thu 18/07/2024

Prima Facie, Harold Pinter Theatre review - Jodie Comer sears the stage | reviews, news & interviews

Prima Facie, Harold Pinter Theatre review - Jodie Comer sears the stage

Prima Facie, Harold Pinter Theatre review - Jodie Comer sears the stage

'Killing Eve' star's stage debut is a triumph

Breathtaking: Jodie Comer takes to the stageImages - Helen Murray

National statistics tell us that, in the year ending September 2021, 41% of rape victims in England and Wales eventually withdrew their support for prosecution. That justice is not always blind may have something to do with this.

Indeed, as the Australian writer Suzie Miller’s searing play Prima Facie demonstrates, its eyes can even look the other way when it comes to sexual assault. First performed in 2019, Miller’s legal monodrama lands in the West End with a transfixing production that also marks a triumphant stage debut for Jodie Comer.

Prima Facie takes the form of a monologue delivered in present tense by Tessa, a Cambridge-educated criminal defence barrister whose career is firmly on the rise. Hailing from a working-class family, she has jumped through countless hoops to occupy the shelf-lined London office where we first meet her. Ambitious and charming, she is a staunch believer in the law, with a particular confidence in her spry ability to defend sexual assault cases, cornering complainants with merciful efficiency.

Comer, of Killing Eve fame, portrays Tessa with captivating ease, modulating gracefully between different facets of her professional and personal life. She treats the items in Miriam Buether’s imposing but agile set with confident playfulness: whether shifting around and standing on her desks, excitedly pulling folders from the surrounding shelves, or turning her chairs into witness stands, she owns the space. Her Tessa is not only a gripping storyteller, smoothly embodying a range of characters, but also a compelling commentator on the workings of the law.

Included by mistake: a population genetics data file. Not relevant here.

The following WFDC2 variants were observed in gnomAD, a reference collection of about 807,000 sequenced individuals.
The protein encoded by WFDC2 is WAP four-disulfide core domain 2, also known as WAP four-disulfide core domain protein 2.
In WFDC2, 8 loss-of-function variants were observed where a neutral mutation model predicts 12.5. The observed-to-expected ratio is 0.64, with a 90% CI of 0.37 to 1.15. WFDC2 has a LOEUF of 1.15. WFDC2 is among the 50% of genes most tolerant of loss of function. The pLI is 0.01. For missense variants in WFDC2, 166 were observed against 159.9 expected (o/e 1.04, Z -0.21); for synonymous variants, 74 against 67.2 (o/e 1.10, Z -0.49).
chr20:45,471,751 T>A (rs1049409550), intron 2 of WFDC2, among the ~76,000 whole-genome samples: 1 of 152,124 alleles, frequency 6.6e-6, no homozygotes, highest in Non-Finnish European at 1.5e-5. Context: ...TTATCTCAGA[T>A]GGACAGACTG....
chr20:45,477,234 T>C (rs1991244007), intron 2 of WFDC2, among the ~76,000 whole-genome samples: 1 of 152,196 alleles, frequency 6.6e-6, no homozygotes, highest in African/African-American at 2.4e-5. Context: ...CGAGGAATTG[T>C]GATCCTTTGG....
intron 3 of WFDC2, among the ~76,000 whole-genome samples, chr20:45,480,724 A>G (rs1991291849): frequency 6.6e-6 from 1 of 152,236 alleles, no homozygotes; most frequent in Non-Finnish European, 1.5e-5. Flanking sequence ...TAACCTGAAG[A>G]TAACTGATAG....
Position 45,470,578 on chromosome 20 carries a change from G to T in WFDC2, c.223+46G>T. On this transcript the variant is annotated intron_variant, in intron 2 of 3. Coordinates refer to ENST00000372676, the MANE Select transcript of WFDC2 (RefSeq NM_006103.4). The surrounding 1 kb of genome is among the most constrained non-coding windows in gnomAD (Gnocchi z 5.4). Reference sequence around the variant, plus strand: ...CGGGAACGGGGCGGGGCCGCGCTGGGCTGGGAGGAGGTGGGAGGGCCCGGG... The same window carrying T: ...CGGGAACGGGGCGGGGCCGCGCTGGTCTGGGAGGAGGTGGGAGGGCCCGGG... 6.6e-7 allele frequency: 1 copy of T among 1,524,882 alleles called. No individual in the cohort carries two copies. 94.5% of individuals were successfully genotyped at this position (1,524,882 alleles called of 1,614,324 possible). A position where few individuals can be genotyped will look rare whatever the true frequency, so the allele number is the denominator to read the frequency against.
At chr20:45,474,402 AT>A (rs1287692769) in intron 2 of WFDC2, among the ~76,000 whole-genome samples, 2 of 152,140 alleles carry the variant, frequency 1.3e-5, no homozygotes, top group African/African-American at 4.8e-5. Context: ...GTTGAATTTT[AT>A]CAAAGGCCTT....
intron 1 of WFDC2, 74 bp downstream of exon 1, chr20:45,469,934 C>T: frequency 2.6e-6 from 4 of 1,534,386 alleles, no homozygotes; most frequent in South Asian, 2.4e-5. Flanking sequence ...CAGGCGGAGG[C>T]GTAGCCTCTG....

But, as it happens, she is in for a very rude awakening. When a date night with a male colleague culminates in her rape, her world – and the play’s – turns upside down. Buether’s protean design, aided by Natasha Chivers’ richly textured lighting, reflects Tessa’s devastating experience as a rape victim with gut-wrenching force. Comer’s performance, too, amps up its spell on us: alternating between her accounts of the immediate aftermath of the assault and the trial that takes place over two years later, she holds and guides our attention with disarming poise. It becomes impossible to avert one’s eyes from her magnetic presence.Jodie Comer as TessaNow that she is inside the stand as a witness, Tessa comes face to face with a crucial question: can she trust the criminal justice system – the object of her longstanding respect and expertise – to protect her? As Justin Martin’s deftly paced production reaches its crescendo, Tessa’s answer emerges as a fierce roar. With its vibrant language and prevailing tone of immediacy, Miller’s play offers an intense, if slightly didactic, indictment of the ways the legal system perpetuates the patriarchal order that has created it in the first place. For all the law’s insistence that there can be no “real” truth, Tessa comes to recognise her body as the site of an incontrovertible truth.

The relevance of this unsettling drama for our present moment of #MeToo is obvious. In joining the ranks of such works as Michaela Coel’s I May Destroy You and Nina Raine’s Consent, Prima Facie draws vitally from Comer’s breathtaking performance in delivering its unique punches. Also indispensable to its impact is the sheer amount of suspense that Martin packs into his staging through Ben and Max Ringham’s menacingly rhythmic sound design and Rebecca Lucy Taylor’s sleek musical compositions.

If, as Tessa tells us, a lawyer’s job is to “not know,” then Prima Facie is proud to be unlawyerly in its aims. Mesmerising us with Tessa’s intimate voice, Miller’s play asks that we lean in and learn what it feels like to inhabit a mind and a body that have been victimised first by a perpetrator and then by a legal system. What we come to know is certainly disturbing, but, as in all great theatre, it strikes one as a true privilege to have made the journey.


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